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Scientists say new U.S. EPA greenhouse gas standards for cars not strict enough

tailpipe emissions
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Scientists say tailpipe emissions from cars must be zero by the year 2050 to prevent the worst impact of the upcoming climate catastrophe

The federal government is issuing stricter rules for greenhouse gas emissions from cars for the years 2023 through 2026.

EPA officials say the updated standards are based on sound science and will result in avoiding more than three billion tons of greenhouse gas (GHG) emissions through 2050.

The new standards essentially backtrack, restoring Obama-era standards that were frozen during the Trump administration.

But the standard doesn't account for the four years of inaction during the Trump presidency, according to Dan Becker, Director of the Safe Climate Transport Campaign at the Center for Biological Diversity.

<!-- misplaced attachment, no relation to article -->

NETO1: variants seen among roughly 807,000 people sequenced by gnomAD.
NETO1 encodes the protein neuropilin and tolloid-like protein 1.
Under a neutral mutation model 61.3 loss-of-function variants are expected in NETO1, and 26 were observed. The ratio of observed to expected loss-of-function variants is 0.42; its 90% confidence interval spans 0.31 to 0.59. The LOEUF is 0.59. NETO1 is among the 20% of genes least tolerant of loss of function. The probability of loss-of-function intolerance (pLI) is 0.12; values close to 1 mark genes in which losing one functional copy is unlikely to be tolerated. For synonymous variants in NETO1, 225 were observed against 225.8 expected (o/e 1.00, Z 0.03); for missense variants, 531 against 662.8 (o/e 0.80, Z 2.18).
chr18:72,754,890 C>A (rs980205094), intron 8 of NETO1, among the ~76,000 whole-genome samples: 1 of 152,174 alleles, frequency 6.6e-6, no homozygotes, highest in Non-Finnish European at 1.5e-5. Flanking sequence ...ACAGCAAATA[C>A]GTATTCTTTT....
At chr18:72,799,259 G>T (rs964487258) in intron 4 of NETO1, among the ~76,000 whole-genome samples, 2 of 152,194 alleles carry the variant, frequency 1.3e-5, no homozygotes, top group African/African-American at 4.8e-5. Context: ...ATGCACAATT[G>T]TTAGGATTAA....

And he said "sound science" actually calls for a much more robust and immediate response to reducing greenhouse gas emissions from cars, SUVs, and trucks.

"The president is right - global warming is an existential threat," said Becker. "But these standards don't face that threat down. They're just too weak. What the Biden administration did is put a speed bump on the road to climate catastrophic where what they needed to do was make a U-turn."

The EPA is expected to issue a second set of GHG emissions rules for cars next year, for the years 2026 through at least 2030.

Becker says those new rules will have to do the bulk of the work to avert climate catastrophe, because this year's rules are so weak.

Tracy Samilton covers energy and transportation, including the auto industry and the business response to climate change for Michigan Radio. She began her career at Michigan Radio as an intern, where she was promptly “bitten by the radio bug,” and never recovered.